(Reuters) - Jana Partners LLC stepped up its criticism on Wednesday of U.S. natural gas producer EQT Corp’s (EQT.N) deal to buy Rice Energy Inc RICE.N, arguing that EQT could save as much as $4.5 billion if it separated its pipeline assets instead.
Jana founder and managing partner Barry Rosenstein wrote in a letter to EQT’s board of directors that the company was overpaying for Rice Energy and that the activist hedge fund’s proposal would deliver more value.
Jana disclosed a 5.8 percent stake in EQT on Monday, saying that it believed EQT shares were undervalued and it would vote against the Rice Energy deal.
EQT announced on June 19 that it would buy Rice for $6.7 billion in cash and stock, which would create the largest U.S. natural gas producer at a time when American energy firms are pumping in money to develop facilities in gas-rich states like Pennsylvania, West Virginia and Ohio.
“A Rice acquisition would result in EQT paying away more than the value of the transaction synergies, the majority of which are questionable,” Rosenstein said in the letter, which was disclosed in a securities filing.
The Rice deal would give away $1 billion in EQT shareholder value, according to the hedge fund, which also questions the assumed $2.5 billion of cost synergies in the Rice Energy deal that EQT envisions can be achieved.
When asked about the Jana letter, EQT said it stands by its Monday statement that the company seeks to maintain an open dialogue with investors and respects their opinions.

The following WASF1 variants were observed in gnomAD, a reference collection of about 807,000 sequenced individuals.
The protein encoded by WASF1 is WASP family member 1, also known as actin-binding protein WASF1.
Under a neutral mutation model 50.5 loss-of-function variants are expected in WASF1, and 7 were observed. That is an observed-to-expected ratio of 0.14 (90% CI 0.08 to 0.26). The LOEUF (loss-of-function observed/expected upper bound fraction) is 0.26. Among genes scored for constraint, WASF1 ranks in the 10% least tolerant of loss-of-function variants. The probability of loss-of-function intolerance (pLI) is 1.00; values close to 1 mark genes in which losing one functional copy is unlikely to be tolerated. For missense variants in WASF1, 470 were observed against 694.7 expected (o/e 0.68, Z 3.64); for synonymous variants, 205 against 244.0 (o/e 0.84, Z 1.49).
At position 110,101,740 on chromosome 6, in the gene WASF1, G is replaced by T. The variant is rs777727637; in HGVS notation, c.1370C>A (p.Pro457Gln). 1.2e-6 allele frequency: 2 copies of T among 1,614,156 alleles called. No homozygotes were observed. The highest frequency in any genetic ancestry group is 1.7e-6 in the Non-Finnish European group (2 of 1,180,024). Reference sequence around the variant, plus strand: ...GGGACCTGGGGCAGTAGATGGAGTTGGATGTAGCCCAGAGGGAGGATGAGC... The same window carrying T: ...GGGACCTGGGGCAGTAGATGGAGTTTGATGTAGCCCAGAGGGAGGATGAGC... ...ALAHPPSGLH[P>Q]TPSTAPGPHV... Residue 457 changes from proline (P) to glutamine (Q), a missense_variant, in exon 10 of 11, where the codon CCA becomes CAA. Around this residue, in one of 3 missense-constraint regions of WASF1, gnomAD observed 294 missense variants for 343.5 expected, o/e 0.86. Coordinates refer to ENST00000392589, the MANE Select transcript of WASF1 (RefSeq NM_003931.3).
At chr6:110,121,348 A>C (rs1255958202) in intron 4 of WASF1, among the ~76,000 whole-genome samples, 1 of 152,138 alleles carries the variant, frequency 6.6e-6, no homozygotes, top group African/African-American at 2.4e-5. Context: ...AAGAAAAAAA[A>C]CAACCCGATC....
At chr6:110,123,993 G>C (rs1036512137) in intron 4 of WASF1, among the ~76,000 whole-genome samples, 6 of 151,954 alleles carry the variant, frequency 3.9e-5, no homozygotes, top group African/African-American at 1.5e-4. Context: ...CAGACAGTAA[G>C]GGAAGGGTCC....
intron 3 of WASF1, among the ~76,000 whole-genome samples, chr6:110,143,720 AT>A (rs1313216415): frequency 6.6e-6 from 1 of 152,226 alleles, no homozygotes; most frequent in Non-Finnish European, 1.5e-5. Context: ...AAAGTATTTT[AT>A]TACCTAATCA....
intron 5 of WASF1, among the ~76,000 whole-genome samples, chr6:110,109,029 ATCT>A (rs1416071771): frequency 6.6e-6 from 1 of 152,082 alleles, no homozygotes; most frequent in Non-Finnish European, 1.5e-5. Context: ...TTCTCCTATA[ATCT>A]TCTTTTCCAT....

Rice declined to comment.
EQT has also said that there is a sum-of-the-parts discount associated with the company’s valuation, which could be addressed by separating its pipeline operations. EQT said it has committed to evaluating options and devising a plan to address this discount by the end of 2018.
Under the Rice Energy deal, EQT’s pipeline arm, EQT Midstream Partners LP (EQM.N), would ultimately assume Rice Energy’s pipelines. Analysts at Mizuho Securities estimate these Rice Energy pipeline assets to be worth around $1.3 billion.
Among Jana’s concerns is that extracting the maximum amount of value from the Rice combination would take too long.
“If EQT were to consummate this (Rice Energy) transaction, the company would potentially be required to put off a separation for two years to avoid ‘built-in’ tax gains for certain Rice assets that would be part of a spinoff,” Rosenstein wrote in the letter.
U.S. tax rules penalize companies that acquire assets and then spin them within a two-year window.
Additional reporting by Ernest Scheyder in Houston, David French in New York and Yashaswini Swamynathan in Bengaluru; Editing by Leslie Adler and Lisa Shumaker